Whitbarrow National Nature Reserve: Howe Ridding Wood
This reserve consists of broadleaved ancient woodland overlying limestone. It is on the west side of Whitbarrow Scar. The limestone creates small crags, scree slopes, and terraces. On them grow yew and Lancastrian whitebeam in the low crags. Ash and hazel grow in areas of better soil. Oak, birch, holly, and small-leaved lime are also seen in the reserve.
Some scarce and uncommon species grow beneath the trees and include dark red helleborine, rigid buckler fern, mezereon, green hellebore, wild daffodil and herb Paris. Winter sees the arrival of mosses on the tree trunks.
The remains of an orchard can be seen at the northern end of the reserve where there are a number of springs. Next to the orchard is an area known as Calf Close Wood. Oak, birch and alder thrive in the waterlogged soil.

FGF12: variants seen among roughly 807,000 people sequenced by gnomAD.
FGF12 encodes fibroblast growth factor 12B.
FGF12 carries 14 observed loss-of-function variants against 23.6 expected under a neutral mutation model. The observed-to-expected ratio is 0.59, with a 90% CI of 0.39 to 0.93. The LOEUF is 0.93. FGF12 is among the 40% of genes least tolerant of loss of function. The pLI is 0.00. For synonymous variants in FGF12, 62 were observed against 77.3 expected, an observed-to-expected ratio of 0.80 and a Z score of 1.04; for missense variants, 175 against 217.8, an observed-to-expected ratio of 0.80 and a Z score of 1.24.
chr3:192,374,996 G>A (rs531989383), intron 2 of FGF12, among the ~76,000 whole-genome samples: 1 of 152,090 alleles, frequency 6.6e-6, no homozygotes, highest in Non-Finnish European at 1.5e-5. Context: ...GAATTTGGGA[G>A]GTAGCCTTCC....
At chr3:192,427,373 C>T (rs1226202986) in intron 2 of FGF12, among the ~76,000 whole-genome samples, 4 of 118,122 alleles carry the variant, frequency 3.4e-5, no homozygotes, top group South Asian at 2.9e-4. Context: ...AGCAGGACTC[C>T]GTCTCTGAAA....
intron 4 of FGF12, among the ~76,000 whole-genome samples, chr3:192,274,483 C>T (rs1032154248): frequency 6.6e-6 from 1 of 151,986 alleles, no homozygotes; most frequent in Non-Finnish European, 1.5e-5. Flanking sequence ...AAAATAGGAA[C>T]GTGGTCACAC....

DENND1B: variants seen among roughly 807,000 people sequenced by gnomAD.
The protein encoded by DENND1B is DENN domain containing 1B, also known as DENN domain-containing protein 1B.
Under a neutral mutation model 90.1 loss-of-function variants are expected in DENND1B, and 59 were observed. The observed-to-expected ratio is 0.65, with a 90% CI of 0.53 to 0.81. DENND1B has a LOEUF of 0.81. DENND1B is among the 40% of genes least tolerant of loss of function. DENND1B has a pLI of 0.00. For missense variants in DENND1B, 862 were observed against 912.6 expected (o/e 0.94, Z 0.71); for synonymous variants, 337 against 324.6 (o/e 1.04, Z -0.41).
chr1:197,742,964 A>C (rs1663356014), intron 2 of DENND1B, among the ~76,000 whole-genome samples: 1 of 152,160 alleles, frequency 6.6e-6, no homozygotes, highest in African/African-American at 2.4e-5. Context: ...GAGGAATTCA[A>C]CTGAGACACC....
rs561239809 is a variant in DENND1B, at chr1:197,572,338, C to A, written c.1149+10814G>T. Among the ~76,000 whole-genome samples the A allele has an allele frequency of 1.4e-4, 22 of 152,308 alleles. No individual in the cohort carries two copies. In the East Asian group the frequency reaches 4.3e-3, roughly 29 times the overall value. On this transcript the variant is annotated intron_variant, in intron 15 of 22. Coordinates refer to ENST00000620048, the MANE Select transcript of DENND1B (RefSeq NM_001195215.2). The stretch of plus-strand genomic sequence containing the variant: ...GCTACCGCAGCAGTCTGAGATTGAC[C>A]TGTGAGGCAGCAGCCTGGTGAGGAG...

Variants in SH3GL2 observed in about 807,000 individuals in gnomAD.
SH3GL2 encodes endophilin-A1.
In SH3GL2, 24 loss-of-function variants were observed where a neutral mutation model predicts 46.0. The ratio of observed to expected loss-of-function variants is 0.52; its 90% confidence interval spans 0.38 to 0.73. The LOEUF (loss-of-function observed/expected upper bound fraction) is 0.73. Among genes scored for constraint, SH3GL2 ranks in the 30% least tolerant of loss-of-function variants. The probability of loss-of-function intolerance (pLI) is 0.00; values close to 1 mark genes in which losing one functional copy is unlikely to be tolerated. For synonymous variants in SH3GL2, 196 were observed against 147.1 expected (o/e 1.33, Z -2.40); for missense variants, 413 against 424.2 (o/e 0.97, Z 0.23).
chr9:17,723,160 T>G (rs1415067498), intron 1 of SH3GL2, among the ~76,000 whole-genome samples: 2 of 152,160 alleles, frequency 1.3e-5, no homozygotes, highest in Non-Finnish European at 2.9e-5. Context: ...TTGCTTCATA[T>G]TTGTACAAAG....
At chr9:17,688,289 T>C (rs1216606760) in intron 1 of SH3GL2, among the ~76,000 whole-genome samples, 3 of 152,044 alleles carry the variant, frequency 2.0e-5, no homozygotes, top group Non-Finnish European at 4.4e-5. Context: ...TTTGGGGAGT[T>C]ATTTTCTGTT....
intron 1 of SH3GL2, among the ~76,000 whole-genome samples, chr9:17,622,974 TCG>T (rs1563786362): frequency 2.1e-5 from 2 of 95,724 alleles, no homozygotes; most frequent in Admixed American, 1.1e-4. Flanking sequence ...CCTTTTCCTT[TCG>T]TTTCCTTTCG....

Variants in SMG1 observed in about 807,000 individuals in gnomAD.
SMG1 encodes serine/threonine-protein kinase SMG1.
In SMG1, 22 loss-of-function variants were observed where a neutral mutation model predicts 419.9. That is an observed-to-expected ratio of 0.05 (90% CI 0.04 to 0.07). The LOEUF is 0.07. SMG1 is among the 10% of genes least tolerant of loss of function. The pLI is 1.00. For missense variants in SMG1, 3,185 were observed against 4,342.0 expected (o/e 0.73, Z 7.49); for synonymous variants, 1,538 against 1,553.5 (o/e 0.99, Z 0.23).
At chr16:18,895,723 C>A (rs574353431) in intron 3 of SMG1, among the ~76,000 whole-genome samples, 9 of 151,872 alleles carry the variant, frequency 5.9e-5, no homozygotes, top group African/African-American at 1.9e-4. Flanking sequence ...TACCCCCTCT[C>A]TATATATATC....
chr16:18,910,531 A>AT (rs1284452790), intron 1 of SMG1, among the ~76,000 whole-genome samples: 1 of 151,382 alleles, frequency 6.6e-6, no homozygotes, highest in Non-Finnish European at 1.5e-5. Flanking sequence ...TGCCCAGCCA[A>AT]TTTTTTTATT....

Red squirrels, red deer, and roe deer live in the reserve. Birds include the buzzard, tawny owl, sparrowhawk, woodcock, great spotted woodpecker, and nuthatch. The reserve is especially favourable for butterflies with 23 species recorded. The rare high brown fritillary and the pearl-bordered fritillary are two of them.
Sheet No 97
SD 435 882
Open to members and non-members.
From A590 head to Witherslack and past the Witherslack Hall School for one km. Park at site of footpath leaving the road on right hand side and follow path through woods to reach the reserve.
Photos courtesy Martin Black
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